The Stress Continuum Model
Many life stressors stem from relationships. Relationship and marital problems leading to distress and other issues may result from difficulties in communication, parenting, sexual intimacy, or finances.
There is a tendency among some supervisors and commands not to interfere in a Sailor's personal life. Experience suggests however, that relationship problems can quickly interfere with duty performance. Relationship problems have been identified as a significant risk factor associated with suicide in the Navy and Marine Corps.
One of the most challenging life difficulties is divorce. Divorce is not a single event but a series of transitions and individual and family reorganizations. A divorce inevitably brings about a number of changes that range from emotional to economic. Changes occur in family relationships, standards of living, residences, and friends. The process of adjusting to these changes is stressful for families. In addition, most children experience considerable distress in the early stages of a divorce.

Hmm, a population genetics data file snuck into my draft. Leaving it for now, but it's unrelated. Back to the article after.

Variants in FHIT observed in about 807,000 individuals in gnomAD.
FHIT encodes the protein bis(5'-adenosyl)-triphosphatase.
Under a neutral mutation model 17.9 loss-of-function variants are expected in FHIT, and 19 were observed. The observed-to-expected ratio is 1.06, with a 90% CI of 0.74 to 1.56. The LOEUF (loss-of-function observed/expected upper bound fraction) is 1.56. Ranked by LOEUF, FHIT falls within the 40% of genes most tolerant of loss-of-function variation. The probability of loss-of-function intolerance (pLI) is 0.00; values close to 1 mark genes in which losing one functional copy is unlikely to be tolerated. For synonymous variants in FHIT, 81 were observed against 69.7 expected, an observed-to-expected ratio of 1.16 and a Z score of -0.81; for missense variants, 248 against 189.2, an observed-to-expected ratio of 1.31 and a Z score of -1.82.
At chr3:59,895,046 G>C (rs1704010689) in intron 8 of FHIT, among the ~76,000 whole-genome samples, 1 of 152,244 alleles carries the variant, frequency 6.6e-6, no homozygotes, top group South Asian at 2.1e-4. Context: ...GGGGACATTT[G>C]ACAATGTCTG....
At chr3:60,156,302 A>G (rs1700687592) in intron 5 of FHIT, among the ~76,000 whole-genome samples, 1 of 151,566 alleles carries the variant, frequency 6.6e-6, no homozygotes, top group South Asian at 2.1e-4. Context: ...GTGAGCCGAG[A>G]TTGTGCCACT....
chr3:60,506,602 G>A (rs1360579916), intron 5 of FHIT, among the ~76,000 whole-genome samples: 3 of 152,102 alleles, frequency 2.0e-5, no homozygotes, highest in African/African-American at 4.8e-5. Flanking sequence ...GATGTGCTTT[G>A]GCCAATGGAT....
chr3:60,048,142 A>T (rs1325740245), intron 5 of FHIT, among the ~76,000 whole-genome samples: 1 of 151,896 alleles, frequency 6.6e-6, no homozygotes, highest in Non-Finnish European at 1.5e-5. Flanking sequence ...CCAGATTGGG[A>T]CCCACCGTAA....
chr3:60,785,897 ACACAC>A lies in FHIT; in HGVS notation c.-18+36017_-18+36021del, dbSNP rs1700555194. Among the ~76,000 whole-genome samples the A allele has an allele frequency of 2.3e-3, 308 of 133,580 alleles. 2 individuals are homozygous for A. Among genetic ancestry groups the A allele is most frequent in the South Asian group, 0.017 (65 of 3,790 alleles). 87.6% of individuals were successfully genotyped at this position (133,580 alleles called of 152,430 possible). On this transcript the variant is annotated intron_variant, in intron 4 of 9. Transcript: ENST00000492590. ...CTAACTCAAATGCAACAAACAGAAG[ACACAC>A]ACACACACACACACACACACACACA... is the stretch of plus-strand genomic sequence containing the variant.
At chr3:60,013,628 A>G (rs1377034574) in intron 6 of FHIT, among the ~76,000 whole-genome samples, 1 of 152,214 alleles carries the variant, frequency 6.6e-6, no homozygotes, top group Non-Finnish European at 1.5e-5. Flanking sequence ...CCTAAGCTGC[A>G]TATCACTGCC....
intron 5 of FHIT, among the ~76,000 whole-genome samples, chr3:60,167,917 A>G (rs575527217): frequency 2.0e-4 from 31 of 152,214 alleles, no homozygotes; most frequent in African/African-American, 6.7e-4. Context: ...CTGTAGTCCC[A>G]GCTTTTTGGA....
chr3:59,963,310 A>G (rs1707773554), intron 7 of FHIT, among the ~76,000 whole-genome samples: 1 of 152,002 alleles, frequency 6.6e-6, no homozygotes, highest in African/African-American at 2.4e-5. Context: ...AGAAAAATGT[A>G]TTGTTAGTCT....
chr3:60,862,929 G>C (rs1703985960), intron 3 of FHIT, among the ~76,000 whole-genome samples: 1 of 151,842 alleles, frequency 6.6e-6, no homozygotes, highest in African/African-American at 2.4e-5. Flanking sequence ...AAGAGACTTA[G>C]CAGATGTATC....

Individuals can experience a wide range of reactions to divorce. Some see divorce as a failure and may experience depression. Others may have to cope with a loss of security. For others, divorce is a release from the burdens and frustrations of constant tension. The legal process itself can be long and frustrating and contribute to feelings of stress. Coupled with this is the potential loss of property and financial stability. People experiencing a divorce may also face the following:
From a leadership perspective there are a number of actions to take:
For struggling couples who would like to give their relationship a second chance, identifying the root of the problem is crucial. Community resources are often helpful, including seeing a marriage counselor, chaplain, or financial counselor.
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